3) How It’s Possible to Grow Into
In 2:1-3, Peter continues with the metaphor of the new birth. Like a baby growing up into maturity – we need to grow up into our salvation. The mark of a grown up and mature Christian is love but Peter is saying it’s possible to have this loving life yet not be growing up into it. Those who have this new life need to grow up into it. How does this happen?
We grow up into this life, as we drink “the pure milk of the word”. The person who wants to grow into a loving life, needs the constant nourishment of the word. As one commentator said, “For an infant, milk is not a fringe benefit”. That’s the picture here: like a baby needs and craves milk, so a Christian needs constant gospel nourishment to grow.
What’s vital for us to understand about this is that Peter is not saying, “Just read the bible and you’ll grow into a loving person”. It’s only when we taste the central message of the bible that we will grow and keep coming back for more. What is this taste?
1. It’s the taste of how his goodness reveals the bad taste of our unloving life. The perfect, pure, genuine, constant love of Jesus reveals how unloving we are. We know we are tasting of his goodness, when we start to see ourselves in the list of unloving vices in 2:1.
2. It’s the taste of how his goodness meets us in our worst failures to live a loving life. Though we are more unloving and unlovely than we will ever really “taste”, the gospel is this - there is nothing we can do to make him love us more; there is nothing we can do to make him love us less because Jesus faithfully gave himself for us for our good at great expense to Himself.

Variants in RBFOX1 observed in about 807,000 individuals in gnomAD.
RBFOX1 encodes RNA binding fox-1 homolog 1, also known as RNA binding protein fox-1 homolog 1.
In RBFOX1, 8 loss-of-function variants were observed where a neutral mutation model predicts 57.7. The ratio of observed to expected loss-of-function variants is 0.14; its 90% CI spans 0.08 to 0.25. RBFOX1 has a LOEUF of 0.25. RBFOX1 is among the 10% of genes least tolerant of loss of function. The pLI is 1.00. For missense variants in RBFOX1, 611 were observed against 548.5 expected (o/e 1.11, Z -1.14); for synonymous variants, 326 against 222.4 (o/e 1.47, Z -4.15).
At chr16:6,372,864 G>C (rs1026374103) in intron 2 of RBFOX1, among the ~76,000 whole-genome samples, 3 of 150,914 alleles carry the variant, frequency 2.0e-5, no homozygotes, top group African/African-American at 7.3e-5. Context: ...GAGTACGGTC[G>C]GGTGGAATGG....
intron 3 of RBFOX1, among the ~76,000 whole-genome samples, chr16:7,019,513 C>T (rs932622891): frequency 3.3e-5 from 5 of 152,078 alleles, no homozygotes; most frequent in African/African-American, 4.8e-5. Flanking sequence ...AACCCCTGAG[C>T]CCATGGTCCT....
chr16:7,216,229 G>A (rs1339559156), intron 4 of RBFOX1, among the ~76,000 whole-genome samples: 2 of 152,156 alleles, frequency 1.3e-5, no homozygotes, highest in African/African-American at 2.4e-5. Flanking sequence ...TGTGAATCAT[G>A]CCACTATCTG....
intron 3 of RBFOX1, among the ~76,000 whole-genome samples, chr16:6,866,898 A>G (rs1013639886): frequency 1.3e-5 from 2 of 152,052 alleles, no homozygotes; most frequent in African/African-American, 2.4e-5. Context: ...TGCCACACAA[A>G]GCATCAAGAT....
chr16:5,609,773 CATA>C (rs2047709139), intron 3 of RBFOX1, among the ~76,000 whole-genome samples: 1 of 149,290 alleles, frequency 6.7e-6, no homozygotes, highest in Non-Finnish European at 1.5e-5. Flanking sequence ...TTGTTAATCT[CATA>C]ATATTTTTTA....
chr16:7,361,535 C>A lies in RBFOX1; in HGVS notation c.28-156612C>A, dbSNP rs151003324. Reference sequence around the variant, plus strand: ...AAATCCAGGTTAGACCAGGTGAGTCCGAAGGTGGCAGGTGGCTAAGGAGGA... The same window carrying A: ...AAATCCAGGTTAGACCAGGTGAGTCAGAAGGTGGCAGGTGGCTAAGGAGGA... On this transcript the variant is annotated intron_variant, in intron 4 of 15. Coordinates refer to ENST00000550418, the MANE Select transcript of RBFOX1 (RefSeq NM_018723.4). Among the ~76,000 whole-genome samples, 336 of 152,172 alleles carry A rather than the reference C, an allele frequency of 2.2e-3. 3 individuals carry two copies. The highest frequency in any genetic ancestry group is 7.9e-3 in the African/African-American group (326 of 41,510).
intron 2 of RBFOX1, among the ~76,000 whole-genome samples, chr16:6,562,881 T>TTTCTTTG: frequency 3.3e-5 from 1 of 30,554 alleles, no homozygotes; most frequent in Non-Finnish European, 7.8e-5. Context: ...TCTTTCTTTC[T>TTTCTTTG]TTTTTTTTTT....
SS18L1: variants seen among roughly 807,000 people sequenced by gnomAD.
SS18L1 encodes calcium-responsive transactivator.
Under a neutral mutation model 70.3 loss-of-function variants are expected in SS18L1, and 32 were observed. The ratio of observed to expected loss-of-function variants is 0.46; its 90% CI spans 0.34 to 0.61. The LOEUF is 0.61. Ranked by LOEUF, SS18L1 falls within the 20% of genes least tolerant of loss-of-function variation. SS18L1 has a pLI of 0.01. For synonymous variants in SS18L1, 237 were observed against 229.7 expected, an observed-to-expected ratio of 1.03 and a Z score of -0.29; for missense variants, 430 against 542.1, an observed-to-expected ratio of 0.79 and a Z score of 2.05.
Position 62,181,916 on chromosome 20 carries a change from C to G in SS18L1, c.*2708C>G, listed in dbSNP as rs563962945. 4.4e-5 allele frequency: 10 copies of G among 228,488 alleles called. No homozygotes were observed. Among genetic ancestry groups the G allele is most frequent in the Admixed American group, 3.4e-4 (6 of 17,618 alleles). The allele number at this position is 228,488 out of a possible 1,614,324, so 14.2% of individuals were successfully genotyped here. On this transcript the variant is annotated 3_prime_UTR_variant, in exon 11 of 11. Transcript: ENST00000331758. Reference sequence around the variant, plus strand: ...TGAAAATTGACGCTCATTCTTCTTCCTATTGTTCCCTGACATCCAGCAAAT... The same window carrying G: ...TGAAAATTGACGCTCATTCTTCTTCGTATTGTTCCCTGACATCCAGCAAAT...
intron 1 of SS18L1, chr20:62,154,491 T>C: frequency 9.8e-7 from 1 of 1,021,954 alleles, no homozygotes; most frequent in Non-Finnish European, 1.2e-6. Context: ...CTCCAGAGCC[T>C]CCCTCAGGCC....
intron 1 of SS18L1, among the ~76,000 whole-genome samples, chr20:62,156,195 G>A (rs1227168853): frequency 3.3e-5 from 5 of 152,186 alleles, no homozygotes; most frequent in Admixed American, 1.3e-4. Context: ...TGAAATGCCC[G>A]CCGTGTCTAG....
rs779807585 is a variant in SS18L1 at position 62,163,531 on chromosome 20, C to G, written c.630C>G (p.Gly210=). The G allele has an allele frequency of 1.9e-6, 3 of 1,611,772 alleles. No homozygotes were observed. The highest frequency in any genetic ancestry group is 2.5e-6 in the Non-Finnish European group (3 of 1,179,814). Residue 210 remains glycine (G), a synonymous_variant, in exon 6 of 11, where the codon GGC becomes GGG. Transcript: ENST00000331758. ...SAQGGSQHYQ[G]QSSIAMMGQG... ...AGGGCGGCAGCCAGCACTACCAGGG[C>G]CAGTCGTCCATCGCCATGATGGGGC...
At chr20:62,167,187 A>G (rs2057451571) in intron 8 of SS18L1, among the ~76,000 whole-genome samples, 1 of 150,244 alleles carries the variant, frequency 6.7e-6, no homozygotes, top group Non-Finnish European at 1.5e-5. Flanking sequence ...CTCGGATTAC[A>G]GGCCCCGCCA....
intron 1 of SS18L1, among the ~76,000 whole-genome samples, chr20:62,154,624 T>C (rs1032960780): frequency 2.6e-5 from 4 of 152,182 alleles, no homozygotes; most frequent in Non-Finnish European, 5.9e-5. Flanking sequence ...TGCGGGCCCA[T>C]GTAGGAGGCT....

The taste of his love for us in Christ is what grows a loving life in us. It’s not tasting doctrine to know; it’s not tasting rules to follow; it’s tasting the Lord is good. It’s tasting Him. When we taste His love for us at our worst, we say, “That’s SO good! If God can love me like this! I can love people in ways I never thought possible”
1. What about the sermon impacted you the most or left you with questions?
2. Read over the description of love above from 1 Peter 1:22. Based on what you know about how the Bible defines love, do you think it is an overstatement to say that this kind of love is impossible? Would you define love any differently?
3. How does it challenge or convict you to know that love is the core mark and test of a genuine Christian faith? How does it encourage you to know that it is impossible not to grow into this life if you have placed your trust in Jesus?
4. In the sermon, it was said that Christians often avoid the impossibility of a loving life by measuring our spiritual growth in ways other than love (ie how often we pray or read the bible, the sins we commit or avoid)? What’s wrong with this? Have you found yourself doing this?
5. How do we know we are tasting “the Lord” when we read, hear the Word? Why is the good taste of doctrine or moral teaching not enough to make us loving people?
6. How does tasting his goodness reveal our “badness”? Why is tasting this a good thing? Why does this make the taste of his love for us all the more good? How does this give us the power to love?
7. Where are you finding it most difficult to live a loving life right now? What makes it so hard? How might the taste of God’s love for you enable you to love in ways you never thought possible?